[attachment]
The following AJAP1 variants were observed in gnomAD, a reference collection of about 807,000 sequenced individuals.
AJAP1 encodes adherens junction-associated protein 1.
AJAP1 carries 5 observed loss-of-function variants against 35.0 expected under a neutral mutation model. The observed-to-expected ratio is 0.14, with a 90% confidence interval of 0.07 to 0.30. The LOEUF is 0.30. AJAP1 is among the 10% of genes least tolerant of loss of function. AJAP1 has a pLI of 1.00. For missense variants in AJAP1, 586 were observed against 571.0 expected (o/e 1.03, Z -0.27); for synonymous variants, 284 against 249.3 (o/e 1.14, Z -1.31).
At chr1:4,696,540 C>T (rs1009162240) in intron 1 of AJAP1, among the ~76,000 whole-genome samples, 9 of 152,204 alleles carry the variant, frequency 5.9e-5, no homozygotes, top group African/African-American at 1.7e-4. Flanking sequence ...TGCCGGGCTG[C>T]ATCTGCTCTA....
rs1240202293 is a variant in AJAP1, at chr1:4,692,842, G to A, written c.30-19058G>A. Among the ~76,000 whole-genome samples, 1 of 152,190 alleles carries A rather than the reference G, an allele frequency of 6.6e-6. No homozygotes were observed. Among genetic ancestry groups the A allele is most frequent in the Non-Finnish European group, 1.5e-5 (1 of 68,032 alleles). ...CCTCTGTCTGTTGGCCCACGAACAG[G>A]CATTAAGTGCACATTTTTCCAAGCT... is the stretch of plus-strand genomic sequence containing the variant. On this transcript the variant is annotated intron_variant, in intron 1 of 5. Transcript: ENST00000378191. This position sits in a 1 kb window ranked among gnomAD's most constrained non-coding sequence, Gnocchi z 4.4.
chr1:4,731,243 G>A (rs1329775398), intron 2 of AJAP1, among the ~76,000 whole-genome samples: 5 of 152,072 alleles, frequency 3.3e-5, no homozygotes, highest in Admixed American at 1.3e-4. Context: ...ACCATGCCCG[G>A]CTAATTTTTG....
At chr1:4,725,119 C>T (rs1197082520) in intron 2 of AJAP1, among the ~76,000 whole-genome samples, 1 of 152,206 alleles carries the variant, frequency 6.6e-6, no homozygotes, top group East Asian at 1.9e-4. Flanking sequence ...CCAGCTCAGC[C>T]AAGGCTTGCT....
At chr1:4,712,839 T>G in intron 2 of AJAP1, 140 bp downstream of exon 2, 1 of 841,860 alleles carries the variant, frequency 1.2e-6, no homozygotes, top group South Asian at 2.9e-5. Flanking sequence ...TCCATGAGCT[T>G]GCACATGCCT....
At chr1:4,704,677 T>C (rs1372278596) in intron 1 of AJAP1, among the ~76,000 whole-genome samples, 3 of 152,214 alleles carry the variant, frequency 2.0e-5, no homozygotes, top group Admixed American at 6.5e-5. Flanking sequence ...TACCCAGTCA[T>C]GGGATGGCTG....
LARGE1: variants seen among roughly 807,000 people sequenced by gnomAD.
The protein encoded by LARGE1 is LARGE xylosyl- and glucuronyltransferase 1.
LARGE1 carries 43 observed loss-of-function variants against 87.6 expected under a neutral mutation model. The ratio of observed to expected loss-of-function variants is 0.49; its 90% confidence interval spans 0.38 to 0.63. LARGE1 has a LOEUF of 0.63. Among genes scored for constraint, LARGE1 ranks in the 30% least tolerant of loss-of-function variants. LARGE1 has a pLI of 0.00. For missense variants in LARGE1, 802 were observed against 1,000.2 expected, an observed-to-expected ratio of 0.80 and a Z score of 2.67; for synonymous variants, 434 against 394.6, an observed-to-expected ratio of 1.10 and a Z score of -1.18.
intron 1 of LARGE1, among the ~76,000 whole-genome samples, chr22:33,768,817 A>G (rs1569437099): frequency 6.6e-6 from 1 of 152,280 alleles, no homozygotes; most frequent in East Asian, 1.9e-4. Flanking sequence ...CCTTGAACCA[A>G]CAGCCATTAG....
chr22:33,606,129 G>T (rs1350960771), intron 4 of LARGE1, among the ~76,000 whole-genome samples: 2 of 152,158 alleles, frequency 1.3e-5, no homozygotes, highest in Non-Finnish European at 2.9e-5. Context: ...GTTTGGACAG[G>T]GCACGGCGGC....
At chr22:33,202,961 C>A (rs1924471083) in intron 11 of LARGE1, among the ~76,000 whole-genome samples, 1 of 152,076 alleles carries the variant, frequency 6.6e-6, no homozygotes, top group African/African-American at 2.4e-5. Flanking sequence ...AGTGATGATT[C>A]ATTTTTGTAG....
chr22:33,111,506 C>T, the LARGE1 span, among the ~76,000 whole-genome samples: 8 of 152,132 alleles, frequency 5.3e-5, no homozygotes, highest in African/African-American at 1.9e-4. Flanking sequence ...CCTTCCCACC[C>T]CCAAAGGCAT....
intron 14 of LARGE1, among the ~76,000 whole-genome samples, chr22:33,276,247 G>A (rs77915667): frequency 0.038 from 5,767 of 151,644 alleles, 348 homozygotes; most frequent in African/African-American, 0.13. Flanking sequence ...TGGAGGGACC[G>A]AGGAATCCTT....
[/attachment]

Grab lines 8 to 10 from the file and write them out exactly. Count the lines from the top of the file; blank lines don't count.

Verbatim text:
At chr1:4,712,839 T>G in intron 2 of AJAP1, 140 bp downstream of exon 2, 1 of 841,860 alleles carries the variant, frequency 1.2e-6, no homozygotes, top group South Asian at 2.9e-5. Flanking sequence ...TCCATGAGCT[T>G]GCACATGCCT....
At chr1:4,704,677 T>C (rs1372278596) in intron 1 of AJAP1, among the ~76,000 whole-genome samples, 3 of 152,214 alleles carry the variant, frequency 2.0e-5, no homozygotes, top group Admixed American at 6.5e-5. Flanking sequence ...TACCCAGTCA[T>C]GGGATGGCTG....
LARGE1: variants seen among roughly 807,000 people sequenced by gnomAD.